Rather than mail it in, Sharma dug deep. He finished his round with an inward half of 32 (-4), to grind out a first round 73. In round 2, starting on the easier front half, Sharma broke the course record with a nine-birdie, one-bogey 64, including a back nine 30! This places him in second place, four off the pace set by Emiliano Grillo, and into the final group for Saturday.
I cannot say enough good things about how impressed I am with this young man. Leading the Race To Dubai, Sharma looks poised to become a top player in the world this year. We are fortunate to be along for the ride.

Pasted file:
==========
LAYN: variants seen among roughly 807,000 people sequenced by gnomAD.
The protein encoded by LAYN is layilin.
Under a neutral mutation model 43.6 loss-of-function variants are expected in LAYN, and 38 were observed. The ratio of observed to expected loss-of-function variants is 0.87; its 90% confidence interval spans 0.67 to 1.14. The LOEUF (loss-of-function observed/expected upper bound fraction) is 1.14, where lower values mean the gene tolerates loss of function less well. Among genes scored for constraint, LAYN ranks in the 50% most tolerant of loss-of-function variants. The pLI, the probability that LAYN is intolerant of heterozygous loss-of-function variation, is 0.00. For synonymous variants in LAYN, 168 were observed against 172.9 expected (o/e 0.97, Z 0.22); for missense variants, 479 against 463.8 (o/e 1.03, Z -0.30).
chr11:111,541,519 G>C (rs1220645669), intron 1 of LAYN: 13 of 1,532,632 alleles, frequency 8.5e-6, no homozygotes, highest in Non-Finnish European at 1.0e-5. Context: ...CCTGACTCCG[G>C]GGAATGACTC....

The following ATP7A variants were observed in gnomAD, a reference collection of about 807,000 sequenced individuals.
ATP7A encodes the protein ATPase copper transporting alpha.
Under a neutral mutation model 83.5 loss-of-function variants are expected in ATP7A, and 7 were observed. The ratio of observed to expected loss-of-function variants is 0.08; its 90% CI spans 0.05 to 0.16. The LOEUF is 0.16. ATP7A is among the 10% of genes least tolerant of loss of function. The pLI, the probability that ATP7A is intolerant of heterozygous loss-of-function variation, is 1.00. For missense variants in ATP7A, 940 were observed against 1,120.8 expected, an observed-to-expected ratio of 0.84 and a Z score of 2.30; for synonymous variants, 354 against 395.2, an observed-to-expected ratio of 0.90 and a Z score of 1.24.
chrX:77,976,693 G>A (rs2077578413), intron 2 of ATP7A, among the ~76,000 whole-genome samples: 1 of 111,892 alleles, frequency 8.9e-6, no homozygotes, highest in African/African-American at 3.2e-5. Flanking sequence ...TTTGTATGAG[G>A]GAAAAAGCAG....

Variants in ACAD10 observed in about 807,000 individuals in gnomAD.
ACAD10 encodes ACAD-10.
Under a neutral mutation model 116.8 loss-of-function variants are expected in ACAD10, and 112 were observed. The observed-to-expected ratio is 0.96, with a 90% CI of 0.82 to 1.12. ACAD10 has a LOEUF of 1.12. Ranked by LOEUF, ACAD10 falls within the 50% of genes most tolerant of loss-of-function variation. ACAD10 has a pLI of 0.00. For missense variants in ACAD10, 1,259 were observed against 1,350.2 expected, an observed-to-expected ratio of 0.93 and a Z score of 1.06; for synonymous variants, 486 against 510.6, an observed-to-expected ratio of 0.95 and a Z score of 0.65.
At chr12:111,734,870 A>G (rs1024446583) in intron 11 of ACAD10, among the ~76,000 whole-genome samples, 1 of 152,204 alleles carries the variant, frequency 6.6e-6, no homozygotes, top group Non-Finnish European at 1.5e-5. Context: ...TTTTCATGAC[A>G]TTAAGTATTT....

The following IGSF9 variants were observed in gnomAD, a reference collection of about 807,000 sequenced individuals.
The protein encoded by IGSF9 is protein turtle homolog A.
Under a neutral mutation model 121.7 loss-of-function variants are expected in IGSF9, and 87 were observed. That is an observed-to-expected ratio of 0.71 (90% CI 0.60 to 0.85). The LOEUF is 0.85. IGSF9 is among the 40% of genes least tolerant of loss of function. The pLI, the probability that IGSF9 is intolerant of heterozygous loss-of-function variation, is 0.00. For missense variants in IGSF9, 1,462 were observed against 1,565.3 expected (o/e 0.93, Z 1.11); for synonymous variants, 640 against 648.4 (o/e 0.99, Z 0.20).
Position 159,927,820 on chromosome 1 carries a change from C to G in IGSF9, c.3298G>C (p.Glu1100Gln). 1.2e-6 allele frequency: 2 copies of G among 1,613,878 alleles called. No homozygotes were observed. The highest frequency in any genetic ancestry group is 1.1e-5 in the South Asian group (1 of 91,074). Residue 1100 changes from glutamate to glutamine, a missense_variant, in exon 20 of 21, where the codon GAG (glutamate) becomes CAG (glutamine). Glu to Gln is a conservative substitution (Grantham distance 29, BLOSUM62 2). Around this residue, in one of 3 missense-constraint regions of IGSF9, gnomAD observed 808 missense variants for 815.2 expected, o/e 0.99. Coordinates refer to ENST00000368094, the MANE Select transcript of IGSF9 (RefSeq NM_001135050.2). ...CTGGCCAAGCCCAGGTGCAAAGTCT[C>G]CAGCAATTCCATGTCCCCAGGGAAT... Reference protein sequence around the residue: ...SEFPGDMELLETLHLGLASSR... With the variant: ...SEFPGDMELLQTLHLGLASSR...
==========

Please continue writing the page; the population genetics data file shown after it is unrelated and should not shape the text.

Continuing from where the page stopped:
I got supremely #ejected at work this week, so I’m putting the Baby Bjorns Ryder Cup tracking section on hold for now. I hope to debut it next week. Please stay patient–I think it will be worth the wait!
Golf Channel will be airing the weekend coverage, starting at 2:30 AM EST on Saturday and concluding at 7:00 AM. For Sunday, the coverage starts at 12:00 AM EST, and concludes at 5:30 AM EDT, as daylight savings time begins at 2:30 AM. I’m going to be up and possibly live-tweeting from a tear in the fabric of the space-time continuum. See y’all in the wormhole.